Ian Deary is Professor of Differential Psychology at the University of Edinburgh, and Director of the Medical Research Council-administered Centre for Cognitive Ageing and Cognitive Epidemiology. He graduated in Psychology and Medicine at the University of Edinburgh, and studied there for his PhD. He practised psychiatry in London and Edinburgh before moving to academic psychology. His principal research interest is human mental abilities, especially the origins of cognitive differences and the effects of ageing and medical conditions on mental skills, and the influence of intelligence on social position, health and wellbeing through the lifecourse. He held a Royal Society-Wolfson Research Merit Award (2003-2007) for his work on human cognitive ageing.
Professor Deary has published over 500 refereed journal articles, four authored books and three edited books. He has an 'h' index of 55 on the ISI's Web of Science and his research work has been cited over 12,000 times to date. He leads a research team studying cognitive ageing by following up the people who took part in the Scottish Mental Surveys of 1932 and 1947. Other members of his research team are currently investigating: the cognitive effects of hypoglycaemia and diabetes; the influence of childhood IQ on health in adulthood and survival to old age; and effects of cardiovascular disease on cognitive ageing. His research includes the application of molecular genetic and brain imaging techniques to the understanding of cognitive ability differences. His research on the origins of mental ability differences was integrated in his book in 2000-Looking Down on Human Intelligence: From Psychometrics to the Brain (Oxford University Press). This won the British Psychological Society's Book Award in 2002. In 2001 he followed this up with Intelligence: A Very Short Introduction (Oxford University Press) which introduced the main issues in psychometric intelligence for junior students and laypeople. The first ten years of his research that followed up the Scottish Mental Surveys of 1932 and 1947 was summarised in his 2009 book: A Lifetime of Intelligence (American Psychological Association). He is an elected Fellow of the Royal Society of Edinburgh, the British Academy, the Academy of Medical Sciences, the Royal College of Physicians of Edinburgh, and the Royal College of Psychiatrists. In 2003 he received the first of the annual University of Edinburgh Chancellor's Awards of the University of Edinburgh which "recognise excellence in vital academic areas such as teaching and research and were awarded on the basis of innovation, relevance, creativity and personal dedication". In 2006 he was joint winner, with John Starr and Lawrence Whalley, of the Tenovus Scotland Margaret MacLellan award for "the best research on the brain in Scotland in recent years." In 2010 he received the Distinguished European Personality Psychologist Award from the European Association for Personality Psychology, 2010. In 2010 he was awarded Special Professor status in Differential Psychology at the University of Nottingham.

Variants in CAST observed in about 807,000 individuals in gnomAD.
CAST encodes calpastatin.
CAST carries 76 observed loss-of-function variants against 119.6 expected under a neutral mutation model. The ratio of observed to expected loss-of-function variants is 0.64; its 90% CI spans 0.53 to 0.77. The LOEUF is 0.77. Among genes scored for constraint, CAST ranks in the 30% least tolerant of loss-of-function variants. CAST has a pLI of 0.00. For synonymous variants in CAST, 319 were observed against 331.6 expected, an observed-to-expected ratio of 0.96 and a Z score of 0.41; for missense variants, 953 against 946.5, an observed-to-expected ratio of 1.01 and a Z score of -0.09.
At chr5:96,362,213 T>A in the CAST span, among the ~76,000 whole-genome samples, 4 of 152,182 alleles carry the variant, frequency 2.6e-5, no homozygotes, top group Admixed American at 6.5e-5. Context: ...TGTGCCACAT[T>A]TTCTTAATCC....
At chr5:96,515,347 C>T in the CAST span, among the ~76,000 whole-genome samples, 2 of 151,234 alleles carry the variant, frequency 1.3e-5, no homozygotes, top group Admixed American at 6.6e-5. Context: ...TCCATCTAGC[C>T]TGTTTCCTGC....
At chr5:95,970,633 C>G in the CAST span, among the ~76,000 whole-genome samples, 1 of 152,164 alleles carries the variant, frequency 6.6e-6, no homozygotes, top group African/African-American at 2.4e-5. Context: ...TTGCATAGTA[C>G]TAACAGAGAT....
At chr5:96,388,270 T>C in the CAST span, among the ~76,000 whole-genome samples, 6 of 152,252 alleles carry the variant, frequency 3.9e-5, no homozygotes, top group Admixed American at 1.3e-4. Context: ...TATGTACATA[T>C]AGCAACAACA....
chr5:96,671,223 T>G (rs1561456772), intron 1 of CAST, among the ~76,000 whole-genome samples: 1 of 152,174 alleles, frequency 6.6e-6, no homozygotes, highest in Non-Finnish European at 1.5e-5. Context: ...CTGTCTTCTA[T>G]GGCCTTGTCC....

Deary graduated in Psychology and Medicine at the University of Edinburgh, and studied there for his Ph.D. He practiced psychiatry in London and Edinburgh before moving to academic psychology.